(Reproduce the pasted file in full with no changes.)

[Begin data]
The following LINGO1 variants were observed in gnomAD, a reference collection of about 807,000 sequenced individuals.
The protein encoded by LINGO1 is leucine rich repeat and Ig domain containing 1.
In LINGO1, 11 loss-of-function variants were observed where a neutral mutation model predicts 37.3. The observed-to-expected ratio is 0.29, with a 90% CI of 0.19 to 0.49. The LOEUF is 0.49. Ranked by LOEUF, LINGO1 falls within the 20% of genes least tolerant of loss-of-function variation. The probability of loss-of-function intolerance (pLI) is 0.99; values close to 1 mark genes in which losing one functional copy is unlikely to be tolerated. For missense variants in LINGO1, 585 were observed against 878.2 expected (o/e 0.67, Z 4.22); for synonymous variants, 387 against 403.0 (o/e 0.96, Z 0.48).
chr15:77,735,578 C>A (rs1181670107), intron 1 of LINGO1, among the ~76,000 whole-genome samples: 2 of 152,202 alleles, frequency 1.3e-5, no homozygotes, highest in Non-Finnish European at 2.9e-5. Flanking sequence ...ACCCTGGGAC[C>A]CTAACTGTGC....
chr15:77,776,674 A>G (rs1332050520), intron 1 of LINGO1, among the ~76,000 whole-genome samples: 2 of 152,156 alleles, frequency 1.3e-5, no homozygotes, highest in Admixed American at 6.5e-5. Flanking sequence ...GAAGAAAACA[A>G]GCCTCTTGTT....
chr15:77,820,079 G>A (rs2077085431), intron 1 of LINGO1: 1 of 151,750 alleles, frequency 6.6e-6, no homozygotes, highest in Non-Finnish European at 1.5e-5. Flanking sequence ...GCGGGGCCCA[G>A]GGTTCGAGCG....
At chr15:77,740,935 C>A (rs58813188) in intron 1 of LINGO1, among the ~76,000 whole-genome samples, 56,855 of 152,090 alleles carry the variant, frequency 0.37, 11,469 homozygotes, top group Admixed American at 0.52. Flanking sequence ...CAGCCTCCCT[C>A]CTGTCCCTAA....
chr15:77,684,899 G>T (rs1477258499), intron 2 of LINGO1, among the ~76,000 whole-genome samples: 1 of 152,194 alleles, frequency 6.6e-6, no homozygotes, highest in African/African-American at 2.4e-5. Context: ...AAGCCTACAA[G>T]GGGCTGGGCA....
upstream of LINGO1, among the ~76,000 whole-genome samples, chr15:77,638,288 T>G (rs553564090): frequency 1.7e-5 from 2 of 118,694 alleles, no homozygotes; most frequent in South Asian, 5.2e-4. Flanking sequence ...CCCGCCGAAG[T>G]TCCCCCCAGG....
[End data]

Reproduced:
The following LINGO1 variants were observed in gnomAD, a reference collection of about 807,000 sequenced individuals.
The protein encoded by LINGO1 is leucine rich repeat and Ig domain containing 1.
In LINGO1, 11 loss-of-function variants were observed where a neutral mutation model predicts 37.3. The observed-to-expected ratio is 0.29, with a 90% CI of 0.19 to 0.49. The LOEUF is 0.49. Ranked by LOEUF, LINGO1 falls within the 20% of genes least tolerant of loss-of-function variation. The probability of loss-of-function intolerance (pLI) is 0.99; values close to 1 mark genes in which losing one functional copy is unlikely to be tolerated. For missense variants in LINGO1, 585 were observed against 878.2 expected (o/e 0.67, Z 4.22); for synonymous variants, 387 against 403.0 (o/e 0.96, Z 0.48).
chr15:77,735,578 C>A (rs1181670107), intron 1 of LINGO1, among the ~76,000 whole-genome samples: 2 of 152,202 alleles, frequency 1.3e-5, no homozygotes, highest in Non-Finnish European at 2.9e-5. Flanking sequence ...ACCCTGGGAC[C>A]CTAACTGTGC....
chr15:77,776,674 A>G (rs1332050520), intron 1 of LINGO1, among the ~76,000 whole-genome samples: 2 of 152,156 alleles, frequency 1.3e-5, no homozygotes, highest in Admixed American at 6.5e-5. Flanking sequence ...GAAGAAAACA[A>G]GCCTCTTGTT....
chr15:77,820,079 G>A (rs2077085431), intron 1 of LINGO1: 1 of 151,750 alleles, frequency 6.6e-6, no homozygotes, highest in Non-Finnish European at 1.5e-5. Flanking sequence ...GCGGGGCCCA[G>A]GGTTCGAGCG....
At chr15:77,740,935 C>A (rs58813188) in intron 1 of LINGO1, among the ~76,000 whole-genome samples, 56,855 of 152,090 alleles carry the variant, frequency 0.37, 11,469 homozygotes, top group Admixed American at 0.52. Flanking sequence ...CAGCCTCCCT[C>A]CTGTCCCTAA....
chr15:77,684,899 G>T (rs1477258499), intron 2 of LINGO1, among the ~76,000 whole-genome samples: 1 of 152,194 alleles, frequency 6.6e-6, no homozygotes, highest in African/African-American at 2.4e-5. Context: ...AAGCCTACAA[G>T]GGGCTGGGCA....
upstream of LINGO1, among the ~76,000 whole-genome samples, chr15:77,638,288 T>G (rs553564090): frequency 1.7e-5 from 2 of 118,694 alleles, no homozygotes; most frequent in South Asian, 5.2e-4. Flanking sequence ...CCCGCCGAAG[T>G]TCCCCCCAGG....